There are several ways to build large scale Linux server environments, with x86 and public cloud being obvious ones. But there’s another option too, as I reminded myself when I caught up with Adam Jollans, program director for LinuxOne product marketing at IBM. LinuxOne is a solution built by IBM using the mainframe platform as its base, but it’s solely focused on running Linux workloads.

We discussed the way some organisations are using LinuxOne to keep mission-critical open source solutions running without service interruption and, just as importantly, to keep them secure. Typical workloads his customers run include core banking services – where resilience is essential, not just desirable – and similar solutions for Telcos and SPs. These are services that must scale to hundreds or even thousands of virtual machines, doing so both cost-effectively and without risk.

The characteristics of such mission-critical workloads clearly resonate with the traits of the venerable mainframe. After all, the mainframe is regarded by many, even those who have never seen one, as the gold standard for IT resilience and availability. Unfortunately for IBM, and arguably for the wider world, the mainframe is also widely thought of as being out-dated, expensive, and difficult to manage – even though this hasn’t been true for a long time, and is certainly not the case with LinuxOne.

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OpenStack vs. Cloud Foundry vs. Kubernetes: What Fits Where?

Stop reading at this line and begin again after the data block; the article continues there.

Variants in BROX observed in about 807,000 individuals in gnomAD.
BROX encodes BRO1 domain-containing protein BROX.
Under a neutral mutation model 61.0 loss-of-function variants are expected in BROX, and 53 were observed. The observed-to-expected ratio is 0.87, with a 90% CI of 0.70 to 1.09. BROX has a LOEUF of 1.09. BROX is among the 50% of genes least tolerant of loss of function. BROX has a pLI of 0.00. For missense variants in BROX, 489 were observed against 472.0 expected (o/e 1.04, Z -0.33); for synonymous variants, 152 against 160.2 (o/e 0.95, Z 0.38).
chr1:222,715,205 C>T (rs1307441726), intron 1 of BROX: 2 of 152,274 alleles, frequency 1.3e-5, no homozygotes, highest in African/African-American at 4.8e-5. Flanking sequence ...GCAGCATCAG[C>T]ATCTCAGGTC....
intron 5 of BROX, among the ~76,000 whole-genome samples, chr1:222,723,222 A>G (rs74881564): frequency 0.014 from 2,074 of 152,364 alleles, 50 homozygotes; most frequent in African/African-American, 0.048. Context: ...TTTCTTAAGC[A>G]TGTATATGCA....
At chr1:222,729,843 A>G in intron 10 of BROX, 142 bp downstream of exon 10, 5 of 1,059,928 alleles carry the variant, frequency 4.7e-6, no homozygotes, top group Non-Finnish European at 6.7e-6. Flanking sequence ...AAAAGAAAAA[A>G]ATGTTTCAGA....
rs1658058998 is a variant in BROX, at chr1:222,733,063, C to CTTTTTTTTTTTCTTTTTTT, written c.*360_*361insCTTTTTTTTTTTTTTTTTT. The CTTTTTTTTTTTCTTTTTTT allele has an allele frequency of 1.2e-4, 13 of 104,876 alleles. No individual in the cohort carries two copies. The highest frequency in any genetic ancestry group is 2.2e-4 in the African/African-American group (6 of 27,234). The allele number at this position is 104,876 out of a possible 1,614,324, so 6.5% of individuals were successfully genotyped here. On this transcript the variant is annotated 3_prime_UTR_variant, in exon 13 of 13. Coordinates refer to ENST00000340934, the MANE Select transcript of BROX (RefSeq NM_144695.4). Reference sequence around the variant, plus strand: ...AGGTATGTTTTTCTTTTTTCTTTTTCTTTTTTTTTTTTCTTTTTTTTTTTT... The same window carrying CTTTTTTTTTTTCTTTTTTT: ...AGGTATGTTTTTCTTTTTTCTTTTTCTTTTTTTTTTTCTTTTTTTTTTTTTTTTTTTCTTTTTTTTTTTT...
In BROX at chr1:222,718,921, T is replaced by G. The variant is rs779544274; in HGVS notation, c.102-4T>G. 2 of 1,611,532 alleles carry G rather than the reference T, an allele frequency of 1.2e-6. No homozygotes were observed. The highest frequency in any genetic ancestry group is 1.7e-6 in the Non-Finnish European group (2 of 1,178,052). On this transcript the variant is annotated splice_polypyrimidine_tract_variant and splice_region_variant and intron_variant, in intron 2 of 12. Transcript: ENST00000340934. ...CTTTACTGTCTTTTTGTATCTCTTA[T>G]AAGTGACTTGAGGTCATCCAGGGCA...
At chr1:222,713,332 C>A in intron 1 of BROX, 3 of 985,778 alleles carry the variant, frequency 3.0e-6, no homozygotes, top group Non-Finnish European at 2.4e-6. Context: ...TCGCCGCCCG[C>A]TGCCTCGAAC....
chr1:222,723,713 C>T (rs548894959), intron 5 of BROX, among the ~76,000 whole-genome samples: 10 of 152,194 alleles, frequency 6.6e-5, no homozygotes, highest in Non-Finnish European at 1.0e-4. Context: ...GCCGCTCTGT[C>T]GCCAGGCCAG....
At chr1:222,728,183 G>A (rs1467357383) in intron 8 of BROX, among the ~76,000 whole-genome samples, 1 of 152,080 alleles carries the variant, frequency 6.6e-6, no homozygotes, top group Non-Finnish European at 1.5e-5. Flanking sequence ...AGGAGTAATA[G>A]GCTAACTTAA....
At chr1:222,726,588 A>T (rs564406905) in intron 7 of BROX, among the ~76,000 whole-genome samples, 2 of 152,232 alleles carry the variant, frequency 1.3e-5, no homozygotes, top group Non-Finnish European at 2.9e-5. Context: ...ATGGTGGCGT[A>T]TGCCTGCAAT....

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Open-source cloud application infrastructure can be a confusing landscape to navigate with multiple projects, including OpenStack, Cloud Foundry and Kubernetes. While there are some points of overlap, each technology has its own merits and use-cases.

Among the vendors that uses and contributes to OpenStack, Cloud Foundry and Kubernetes is SUSE, which also has commercial products for all three technologies as well. In a video interview with eWEEK, Thomas Di Giacomo, CTO at SUSE explains how the three open-source technologies intersect at his company.

"We see that our customers don't use a single open-source project, most of the time they to use different ones, with different lifecycles and sometimes they overlap," Di Giacomo said.

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IBM/Red Hat: Moving, Supercomputing and How IBM and Red Hat Will Impact Your Cloud Strategy

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Red Hat
Server
  • Moving house and moving applications are not the same. Or are they?

    As a Solution Architect I see my job as many things, from supporting customers in adopting Red Hat technology, educating organisations about using open source technologies and the benefits it brings, to thinking of ways to solve business challenges using technology and culture change. However, these are all generally in the space of “green field” app development. But what about all the systems keeping the business going today?

    The challenges businesses face in dealing with these “legacy” systems are complex, multi-faceted, involve many teams, and often businesses face knowledge gaps in how everything works together.

    In the public sector, where I work, this problem of legacy systems is arguably larger and more challenging, with the need for organisations to share information, outlined by things like Digital Service Standard. But, it’s worked that way for years, so why change it?

  • Red Hat at Supercomputing 2018: Bringing open source innovation from high performance computing to the enterprise

    All supercomputers on the coveted Top500 list run on Linux, a scalable operating system that has matured over the years to run some of the most critical workloads and in many cases has displaced proprietary operating systems in the process. For the past two decades, Red Hat Enterprise Linux has served as the foundation for building software stacks for many supercomputers. We are looking to continue this trend with the next generation of systems that seek to break the exascale threshold.